The day of my heart attack, I was working. A cook by trade, I was doing what I normally did on any given Thursday, cooking meals for my 15 residents. It wasn’t until I was serving my last few dinner plates that the pain set in. The pain in my throat started first. Then I noticed some jaw pain setting in. Not bad, but noticeable. By the time I served my last plate, pain had started in both arms. I calmly walked to the bathroom to cool off and catch my breath. Once inside however, my breathing only got worse. The pain in my jaws and arms had also increased dramatically. Scared, I quickly exited the bathroom, grabbed my purse and the phone, then immediately dialed 911.

The ambulance arrived within five minutes, which was a blessing because they are located just across the street from where I work. Even though I was in a tremendous amount of pain, I was trying to convince myself I was only having a panic attack. I even told the paramedics that I was feeling a bit better. Something was still urging me to get on that stretcher and let them load me into that ambulance. I went with my gut feeling.

Once inside, the paramedics gave me baby aspirin to chew on, nitroglycerin for under my tongue, hooked me up to machines, gave me oxygen, and within minutes told me I was not going to our local hospital, but a hospital that specializes in heart conditions, located about an hour away. I tried to relax and take comfort knowing I was in good hands. It worked for a few minutes until they turned on the sirens and we went bouncing towards Nashville. A very rough ride but one I’m thankful I got to experience and talk about today. I need to find out the names of those two paramedics because they were so good to me and really cared.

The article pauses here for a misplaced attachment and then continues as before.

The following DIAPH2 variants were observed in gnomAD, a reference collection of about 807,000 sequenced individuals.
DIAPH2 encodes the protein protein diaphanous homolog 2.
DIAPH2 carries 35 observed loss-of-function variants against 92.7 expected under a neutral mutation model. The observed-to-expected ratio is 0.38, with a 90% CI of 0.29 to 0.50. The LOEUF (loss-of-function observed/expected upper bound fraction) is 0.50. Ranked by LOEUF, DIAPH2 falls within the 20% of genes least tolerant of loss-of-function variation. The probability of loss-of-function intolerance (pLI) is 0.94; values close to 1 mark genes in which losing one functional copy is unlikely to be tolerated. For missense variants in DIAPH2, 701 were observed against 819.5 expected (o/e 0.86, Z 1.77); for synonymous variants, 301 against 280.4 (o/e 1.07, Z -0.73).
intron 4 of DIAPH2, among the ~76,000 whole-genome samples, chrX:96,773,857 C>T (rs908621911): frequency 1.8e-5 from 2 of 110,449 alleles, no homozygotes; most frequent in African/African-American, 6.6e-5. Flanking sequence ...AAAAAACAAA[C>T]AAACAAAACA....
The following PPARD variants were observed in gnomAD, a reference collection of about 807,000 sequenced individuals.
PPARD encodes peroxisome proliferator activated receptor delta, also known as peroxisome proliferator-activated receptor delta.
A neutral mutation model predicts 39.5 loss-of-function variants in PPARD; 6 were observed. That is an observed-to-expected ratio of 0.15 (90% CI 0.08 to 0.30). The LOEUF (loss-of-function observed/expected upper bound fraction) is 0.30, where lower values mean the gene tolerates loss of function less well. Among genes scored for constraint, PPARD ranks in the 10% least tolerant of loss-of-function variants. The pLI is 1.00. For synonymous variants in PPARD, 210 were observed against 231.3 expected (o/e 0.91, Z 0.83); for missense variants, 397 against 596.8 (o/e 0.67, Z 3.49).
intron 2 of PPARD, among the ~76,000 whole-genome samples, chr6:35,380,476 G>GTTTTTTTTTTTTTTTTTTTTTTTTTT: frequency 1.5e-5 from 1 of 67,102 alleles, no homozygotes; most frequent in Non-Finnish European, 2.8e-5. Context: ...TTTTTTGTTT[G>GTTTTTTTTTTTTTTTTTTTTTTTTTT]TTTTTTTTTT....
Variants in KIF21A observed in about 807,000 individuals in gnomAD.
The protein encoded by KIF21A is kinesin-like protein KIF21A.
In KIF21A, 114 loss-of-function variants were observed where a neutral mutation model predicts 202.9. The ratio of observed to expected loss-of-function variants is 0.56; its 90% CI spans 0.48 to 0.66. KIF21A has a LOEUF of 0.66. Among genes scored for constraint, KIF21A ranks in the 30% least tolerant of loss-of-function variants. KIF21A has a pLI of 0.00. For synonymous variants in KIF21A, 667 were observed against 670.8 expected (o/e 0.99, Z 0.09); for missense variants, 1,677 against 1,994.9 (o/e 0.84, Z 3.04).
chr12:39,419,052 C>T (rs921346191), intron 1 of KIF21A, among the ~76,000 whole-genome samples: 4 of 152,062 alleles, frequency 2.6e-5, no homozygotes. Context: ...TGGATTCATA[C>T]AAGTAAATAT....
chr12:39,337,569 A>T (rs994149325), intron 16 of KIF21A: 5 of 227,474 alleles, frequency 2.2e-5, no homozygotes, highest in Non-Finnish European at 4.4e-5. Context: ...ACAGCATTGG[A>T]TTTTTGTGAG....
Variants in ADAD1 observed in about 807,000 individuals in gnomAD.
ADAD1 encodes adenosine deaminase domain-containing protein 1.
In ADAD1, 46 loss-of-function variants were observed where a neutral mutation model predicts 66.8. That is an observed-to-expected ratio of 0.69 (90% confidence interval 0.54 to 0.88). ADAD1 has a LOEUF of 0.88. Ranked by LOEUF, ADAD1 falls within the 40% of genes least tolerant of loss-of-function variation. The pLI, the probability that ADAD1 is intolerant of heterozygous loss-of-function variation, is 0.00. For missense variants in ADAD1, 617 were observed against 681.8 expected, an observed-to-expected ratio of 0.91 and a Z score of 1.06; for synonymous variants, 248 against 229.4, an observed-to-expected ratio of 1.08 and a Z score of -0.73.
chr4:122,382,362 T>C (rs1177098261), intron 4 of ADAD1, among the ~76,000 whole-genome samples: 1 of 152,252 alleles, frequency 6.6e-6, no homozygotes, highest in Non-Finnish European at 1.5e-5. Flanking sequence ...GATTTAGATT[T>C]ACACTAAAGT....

Once inside the emergency room, everything happened so quick. The nurse even told me things would be super speedy, but if I had any questions, please ask. I stripped, got on the table, heard one nurse say to the other “crash cart”, and was immediately wheeled out of that room, down a few hallways, and into an elevator I think. Suddenly, I was in an operating room of sorts. Still not sure what they called it. It was dim, cool, and looked like a theater. I will be forever grateful for the lively mood the nurses and doctor were in that day. They made me laugh during the scariest moment of my life. The doctor introduced himself, quickly told me he was going to clean out my “widow maker” and insert a stent. He looked at my wrist, said it was good to go and went to work. After about five to ten minutes, he said he was done and told me he was going to remove the catheter in my arm and that I needed to be prepared because it was really going to hurt. He counted to three, and I waited for the excruciating pain to come. He laughed and I realized there was no pain. Laughing, I thanked the man that saved my life, Dr. Andrew Goodman, even though I couldn’t see his face because I’m assuming the movie was about to start.